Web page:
A unique vacation, one last hurrah before settling into parenthood, leaves Jenny and Stan Brown marooned for life on a tropical island. Thus begins Stan’s Leap, Tom Duerig’s first novel. After a rather superficial start—think Gilligan’s Island and their three-hour tour—Stan’s Leap gains momentum and readers realize that this is no comedy.
Jenny hides her early stage pregnancy and convinces Stan to try this adventure in paradise. Bound for Henderson Island, renamed New Eden, the young pair join nine other couples for immersion in an authentic, primitive, Polynesian lifestyle. Stepping onto the island, they begin to question their vacation choice, especially as they are asked to surrender all their worldly possessions. Their anxiety builds when their host, Kimo, reveals his dark side as a former Special Forces survivalist with raging personality disorders. Only Kimo’s beautiful assistant and lover, Nani, can control him. Together they help the vacationers settle into a life without manmade trappings. Then a freak storm leaves them stranded, forcing them to build their own version of civilization.
Duerig’s research enhances this compelling read that waffles between Dystopian and Utopian themes. The insight into survival, group dynamics, and relationships with a look at the South Pacific, island life, sailing, and the history behind the mutiny on the Bounty elevates this to something more than a simple adventure story.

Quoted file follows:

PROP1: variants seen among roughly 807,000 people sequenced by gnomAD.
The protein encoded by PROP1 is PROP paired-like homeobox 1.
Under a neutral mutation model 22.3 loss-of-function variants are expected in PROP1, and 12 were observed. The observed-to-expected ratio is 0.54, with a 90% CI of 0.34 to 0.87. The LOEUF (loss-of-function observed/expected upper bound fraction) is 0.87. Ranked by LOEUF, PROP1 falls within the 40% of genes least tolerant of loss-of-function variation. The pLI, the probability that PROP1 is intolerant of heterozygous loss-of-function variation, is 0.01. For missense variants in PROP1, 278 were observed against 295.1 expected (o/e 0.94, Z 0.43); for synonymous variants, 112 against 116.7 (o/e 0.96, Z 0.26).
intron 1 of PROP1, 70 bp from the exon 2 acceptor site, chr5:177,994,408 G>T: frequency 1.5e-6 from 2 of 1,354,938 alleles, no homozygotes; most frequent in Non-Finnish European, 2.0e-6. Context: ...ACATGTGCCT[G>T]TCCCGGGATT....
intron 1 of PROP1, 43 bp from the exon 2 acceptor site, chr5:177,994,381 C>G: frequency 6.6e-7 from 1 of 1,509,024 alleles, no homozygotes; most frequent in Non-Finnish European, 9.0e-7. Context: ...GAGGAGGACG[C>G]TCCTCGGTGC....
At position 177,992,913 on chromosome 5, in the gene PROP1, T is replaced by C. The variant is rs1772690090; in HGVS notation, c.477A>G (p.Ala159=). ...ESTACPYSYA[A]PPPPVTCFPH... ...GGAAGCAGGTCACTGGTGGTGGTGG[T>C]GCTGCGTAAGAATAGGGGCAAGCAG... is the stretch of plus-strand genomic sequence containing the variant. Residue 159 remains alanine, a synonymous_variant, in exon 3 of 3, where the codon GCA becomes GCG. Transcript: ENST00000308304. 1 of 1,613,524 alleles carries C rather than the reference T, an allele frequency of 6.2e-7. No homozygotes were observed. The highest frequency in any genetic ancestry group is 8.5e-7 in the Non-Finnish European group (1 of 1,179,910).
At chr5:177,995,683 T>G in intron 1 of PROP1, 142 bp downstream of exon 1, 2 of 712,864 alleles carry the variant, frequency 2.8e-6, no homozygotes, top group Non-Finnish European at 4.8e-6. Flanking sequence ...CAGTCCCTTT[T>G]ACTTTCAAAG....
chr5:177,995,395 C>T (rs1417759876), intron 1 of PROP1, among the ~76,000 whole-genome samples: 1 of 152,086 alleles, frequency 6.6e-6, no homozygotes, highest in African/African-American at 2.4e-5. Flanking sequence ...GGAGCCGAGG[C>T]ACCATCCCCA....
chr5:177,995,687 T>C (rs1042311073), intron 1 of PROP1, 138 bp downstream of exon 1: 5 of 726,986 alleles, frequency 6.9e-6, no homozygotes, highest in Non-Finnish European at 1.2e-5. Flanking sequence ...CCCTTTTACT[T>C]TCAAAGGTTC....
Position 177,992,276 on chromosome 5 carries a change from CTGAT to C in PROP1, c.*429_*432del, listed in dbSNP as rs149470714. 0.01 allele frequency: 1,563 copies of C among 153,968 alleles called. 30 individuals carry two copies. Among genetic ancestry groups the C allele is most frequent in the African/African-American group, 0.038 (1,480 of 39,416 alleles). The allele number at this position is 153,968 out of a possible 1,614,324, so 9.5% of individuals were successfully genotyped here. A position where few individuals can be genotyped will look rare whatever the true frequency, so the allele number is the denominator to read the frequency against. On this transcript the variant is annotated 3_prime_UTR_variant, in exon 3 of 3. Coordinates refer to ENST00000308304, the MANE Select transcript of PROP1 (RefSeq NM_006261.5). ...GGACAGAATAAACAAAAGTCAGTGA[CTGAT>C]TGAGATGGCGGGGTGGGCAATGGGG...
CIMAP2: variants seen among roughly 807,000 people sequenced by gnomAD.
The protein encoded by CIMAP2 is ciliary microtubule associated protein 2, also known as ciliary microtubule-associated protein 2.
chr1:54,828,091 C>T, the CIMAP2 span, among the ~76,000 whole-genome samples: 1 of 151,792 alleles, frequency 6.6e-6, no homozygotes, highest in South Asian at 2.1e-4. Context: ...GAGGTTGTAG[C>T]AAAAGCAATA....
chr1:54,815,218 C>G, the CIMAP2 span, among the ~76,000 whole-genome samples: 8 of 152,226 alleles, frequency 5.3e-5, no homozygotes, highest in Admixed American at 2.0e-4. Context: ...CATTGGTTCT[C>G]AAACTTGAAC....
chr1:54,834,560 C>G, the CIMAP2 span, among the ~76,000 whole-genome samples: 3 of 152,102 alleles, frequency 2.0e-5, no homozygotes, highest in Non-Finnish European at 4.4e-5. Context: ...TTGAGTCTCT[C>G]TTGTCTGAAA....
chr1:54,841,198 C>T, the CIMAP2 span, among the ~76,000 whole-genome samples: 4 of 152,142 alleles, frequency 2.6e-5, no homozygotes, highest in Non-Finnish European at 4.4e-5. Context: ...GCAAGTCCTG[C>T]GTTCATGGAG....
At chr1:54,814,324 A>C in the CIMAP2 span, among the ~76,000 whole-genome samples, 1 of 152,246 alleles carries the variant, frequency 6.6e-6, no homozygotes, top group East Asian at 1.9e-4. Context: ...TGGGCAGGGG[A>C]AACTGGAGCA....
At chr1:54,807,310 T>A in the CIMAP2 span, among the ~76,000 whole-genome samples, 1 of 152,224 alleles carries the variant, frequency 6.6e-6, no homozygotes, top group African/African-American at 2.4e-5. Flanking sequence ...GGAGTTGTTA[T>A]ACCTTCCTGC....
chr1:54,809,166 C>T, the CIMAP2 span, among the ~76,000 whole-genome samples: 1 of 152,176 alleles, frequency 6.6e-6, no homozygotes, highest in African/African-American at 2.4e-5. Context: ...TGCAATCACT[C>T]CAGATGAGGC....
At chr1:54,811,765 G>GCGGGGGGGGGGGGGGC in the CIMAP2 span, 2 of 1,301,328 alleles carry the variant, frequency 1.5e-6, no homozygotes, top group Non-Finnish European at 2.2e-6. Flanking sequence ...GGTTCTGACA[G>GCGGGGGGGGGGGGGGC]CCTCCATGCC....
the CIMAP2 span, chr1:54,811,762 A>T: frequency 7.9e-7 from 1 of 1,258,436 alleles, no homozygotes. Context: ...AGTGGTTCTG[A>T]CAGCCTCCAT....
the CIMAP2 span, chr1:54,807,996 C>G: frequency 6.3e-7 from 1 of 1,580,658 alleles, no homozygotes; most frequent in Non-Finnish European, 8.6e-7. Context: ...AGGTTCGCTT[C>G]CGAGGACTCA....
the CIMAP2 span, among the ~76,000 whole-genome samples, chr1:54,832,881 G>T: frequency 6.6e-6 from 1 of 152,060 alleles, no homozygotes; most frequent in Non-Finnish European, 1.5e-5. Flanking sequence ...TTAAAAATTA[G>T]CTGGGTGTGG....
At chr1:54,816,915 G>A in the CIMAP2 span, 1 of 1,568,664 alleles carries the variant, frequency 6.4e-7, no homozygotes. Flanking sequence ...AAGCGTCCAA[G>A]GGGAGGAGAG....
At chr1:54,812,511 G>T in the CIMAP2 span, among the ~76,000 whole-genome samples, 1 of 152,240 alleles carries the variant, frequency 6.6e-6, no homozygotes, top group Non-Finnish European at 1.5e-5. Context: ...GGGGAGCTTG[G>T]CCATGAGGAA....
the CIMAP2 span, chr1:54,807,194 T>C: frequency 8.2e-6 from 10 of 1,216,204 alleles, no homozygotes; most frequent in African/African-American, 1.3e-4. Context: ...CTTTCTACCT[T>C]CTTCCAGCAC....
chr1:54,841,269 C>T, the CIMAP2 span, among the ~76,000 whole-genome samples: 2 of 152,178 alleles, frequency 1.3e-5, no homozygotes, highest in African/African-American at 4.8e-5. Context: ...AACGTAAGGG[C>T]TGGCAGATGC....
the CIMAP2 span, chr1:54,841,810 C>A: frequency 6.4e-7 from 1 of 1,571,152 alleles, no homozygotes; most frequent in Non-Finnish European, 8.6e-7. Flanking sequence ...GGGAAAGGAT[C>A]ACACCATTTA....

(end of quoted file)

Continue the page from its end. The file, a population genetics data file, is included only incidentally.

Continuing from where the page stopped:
At times the book resembles the television program Survivor, as people form subgroups and jockey for position in their new world order. Suspense grows with the mysterious locked bunker and the threats levied by an angry vacationer. Conflict escalates, especially between Kimo and male vacationers. The author tightly packs this existentialist novel, squeezing in foreshadowing references to the historic tale of Bounty mutineers who died on Pitcairn Island.
The writing flows well in a sparse style, yet the lack of details and a telling rather than showing style disengages readers on an emotional level, and stymies character development: “Early Thursday afternoon, the rain finally stopped. There was still no hope of starting a fire, however, partly because everything was saturated, but mostly because Kimo hadn’t returned.”
Two overriding problems plague Duerig’s first novel. First, it contains two separate stories. The author jumps abruptly from the vacationers’ story to a tale told by Stan and Jenny’s seventeen-year-old son. Second, the author moves from a third-person omniscient point of view to a first-person perspective. Then he switches narrators several times, jerking the reader from one viewpoint to the next. Perhaps framing this book with the point-of-view of Bill, the final narrator, would provide cohesion and solve viewpoint problems.
Still, the novel rises above these weaknesses. The overall voice holds authority, substantiated by research and believable details based on the author’s personal experiences in sailing as well as science and mathematics. This tale of the high seas and the hope of a utopian society will attract readers trapped in the drudgery of daily life.